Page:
When it comes to religion, regardless of denomination, America’s churches, synagogues, mosques, Mormon temples, and even centers of Scientology don’t pay a cent in taxes—and they haven’t for about 200 years. This tax exemption is not reinforced by any mention in the Constitution, nor was it ever part of any design by the founding fathers. Actually, according to the very tax code of the IRS, many religious institutions actually should pay tax by law, for it is legally forbidden for private institutions, religious or otherwise, to have tax-exempt status and publicly endorse political candidates, yet it happens all of the time.
Even the lowest estimates suggest that the tax-exempt status for religious houses in the United States ends up costing Americans something close to 100 billion dollars every year. That also just looks at tax-exempt church donations, and doesn’t take into account charges such as property tax, which could put the figure into the hundreds of billions. Even if you are a devoutly religious U.S. citizen, the fact is that you may be actively subsidizing a propagation of beliefs that you do not necessarily share—for again, all religions, not just Christianity, are exempt from paying taxes, something that many see as unconstitutional.This especially becomes legally worrying during political campaigns.
Evangelical mega-churches tell their congregations to endorse evangelical candidates, or in some cases even abstain from voting altogether if no candidates fit the bill. Senators and congressmen alike make guest appearances at large church services. Some preachers have even gone as far to say that how you vote determines how you get into heaven. A few years ago, the documentary “Jesus Camp” even demonstrated that the youngest members of some more militant congregations have even been asked to bow down and bless cardboard cutouts of George Bush Junior as if he were some sort of deity.
Now of course, most religious groups do not take things to this extreme. And even if they did, that isn’t the point. People have every right to voice their beliefs. The real question is, why would any private institution, religious or not, be tax-exempt? Many have made the case that taxing religious institutions is morally wrong, because it limits the amount of humanitarian aid that religious institutions provide to communities across the world. This is not a consistent argument, for by that definition countless secular charities, nonprofits, and private institutions that contribute to charitable causes should then also be tax exempt, yet they still pay some form of taxes. Many houses of worship also do rake in huge profits, and are easily exploited by individuals seeking to evade taxes, or even launder money, as was recently revealed in Brazil, a country where many churches are also tax exempt.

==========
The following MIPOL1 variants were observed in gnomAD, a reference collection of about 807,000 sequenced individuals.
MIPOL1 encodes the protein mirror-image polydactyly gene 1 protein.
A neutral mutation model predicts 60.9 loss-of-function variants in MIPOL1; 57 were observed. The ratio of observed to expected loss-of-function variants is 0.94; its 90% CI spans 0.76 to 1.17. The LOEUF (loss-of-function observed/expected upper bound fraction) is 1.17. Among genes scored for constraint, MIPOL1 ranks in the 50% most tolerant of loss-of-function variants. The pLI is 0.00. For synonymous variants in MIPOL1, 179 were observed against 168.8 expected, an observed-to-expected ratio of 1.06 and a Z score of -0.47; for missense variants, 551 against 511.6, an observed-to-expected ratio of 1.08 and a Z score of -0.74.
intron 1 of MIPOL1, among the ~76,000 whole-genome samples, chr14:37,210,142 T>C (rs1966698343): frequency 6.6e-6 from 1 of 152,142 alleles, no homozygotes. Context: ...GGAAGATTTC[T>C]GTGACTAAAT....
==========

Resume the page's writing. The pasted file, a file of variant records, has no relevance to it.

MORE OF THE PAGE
Still, because so many American leaders get that final bump in the polls from their relationships with some of America’s largest churches, odds are that religions aren’t likely to be taxed anytime soon. This issue, also raising concerns about the separation of church and state, has been debated for decades, one of the most outspoken critics of religious tax exemption being the deceased American writer Gore Vidal (critique begins below at 6:20).
And although the tone of this debate ranges from utterly pious to utterly sarcastic, it truly shouldn’t be seen as one that puts people of faith on one side and people who are secular on the other. The truth of the matter is, in a time of budget cuts in the United States, taxing religion like any other private enterprise could raise the U.S. federal government hundreds of billions of dollars that could be used to slash deficits, repair crumbling infrastructure, and improve the quality of life for Americans all over the country. Such a thing doesn’t sound terribly against the doctrine of the world’s major religions, whose texts primarily emphasize helping the poor. Equally important is that taxing religion in America would also allow certain religious leaders to speak out in favor of or against political candidates without breaking the law.
Every individual, regardless of their beliefs, should have a right to say what they believe, wherever and whenever they want. That being said, this can only be fairly upheld if every private institution is also committed to contributing to the society that upholds their citizenry’s rights to free speech, and freedom of religious assembly.